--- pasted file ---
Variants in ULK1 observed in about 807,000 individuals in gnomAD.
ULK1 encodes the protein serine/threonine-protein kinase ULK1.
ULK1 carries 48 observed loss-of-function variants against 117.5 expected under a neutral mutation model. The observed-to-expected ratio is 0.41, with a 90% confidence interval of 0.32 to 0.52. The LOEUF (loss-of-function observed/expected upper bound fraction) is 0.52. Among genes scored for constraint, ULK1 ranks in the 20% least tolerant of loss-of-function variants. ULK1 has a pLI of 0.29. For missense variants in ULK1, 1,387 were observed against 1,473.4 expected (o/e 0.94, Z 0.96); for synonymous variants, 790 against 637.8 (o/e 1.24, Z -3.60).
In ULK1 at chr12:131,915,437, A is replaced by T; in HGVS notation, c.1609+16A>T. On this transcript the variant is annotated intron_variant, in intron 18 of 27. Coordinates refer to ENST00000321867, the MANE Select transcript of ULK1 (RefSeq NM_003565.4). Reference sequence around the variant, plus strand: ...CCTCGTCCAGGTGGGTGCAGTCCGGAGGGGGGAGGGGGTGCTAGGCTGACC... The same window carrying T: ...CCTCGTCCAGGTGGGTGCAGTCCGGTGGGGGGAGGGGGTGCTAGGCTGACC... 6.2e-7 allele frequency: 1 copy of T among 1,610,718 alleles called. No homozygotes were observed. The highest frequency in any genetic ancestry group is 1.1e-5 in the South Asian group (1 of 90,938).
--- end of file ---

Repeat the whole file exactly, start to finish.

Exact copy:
Variants in ULK1 observed in about 807,000 individuals in gnomAD.
ULK1 encodes the protein serine/threonine-protein kinase ULK1.
ULK1 carries 48 observed loss-of-function variants against 117.5 expected under a neutral mutation model. The observed-to-expected ratio is 0.41, with a 90% confidence interval of 0.32 to 0.52. The LOEUF (loss-of-function observed/expected upper bound fraction) is 0.52. Among genes scored for constraint, ULK1 ranks in the 20% least tolerant of loss-of-function variants. ULK1 has a pLI of 0.29. For missense variants in ULK1, 1,387 were observed against 1,473.4 expected (o/e 0.94, Z 0.96); for synonymous variants, 790 against 637.8 (o/e 1.24, Z -3.60).
In ULK1 at chr12:131,915,437, A is replaced by T; in HGVS notation, c.1609+16A>T. On this transcript the variant is annotated intron_variant, in intron 18 of 27. Coordinates refer to ENST00000321867, the MANE Select transcript of ULK1 (RefSeq NM_003565.4). Reference sequence around the variant, plus strand: ...CCTCGTCCAGGTGGGTGCAGTCCGGAGGGGGGAGGGGGTGCTAGGCTGACC... The same window carrying T: ...CCTCGTCCAGGTGGGTGCAGTCCGGTGGGGGGAGGGGGTGCTAGGCTGACC... 6.2e-7 allele frequency: 1 copy of T among 1,610,718 alleles called. No homozygotes were observed. The highest frequency in any genetic ancestry group is 1.1e-5 in the South Asian group (1 of 90,938).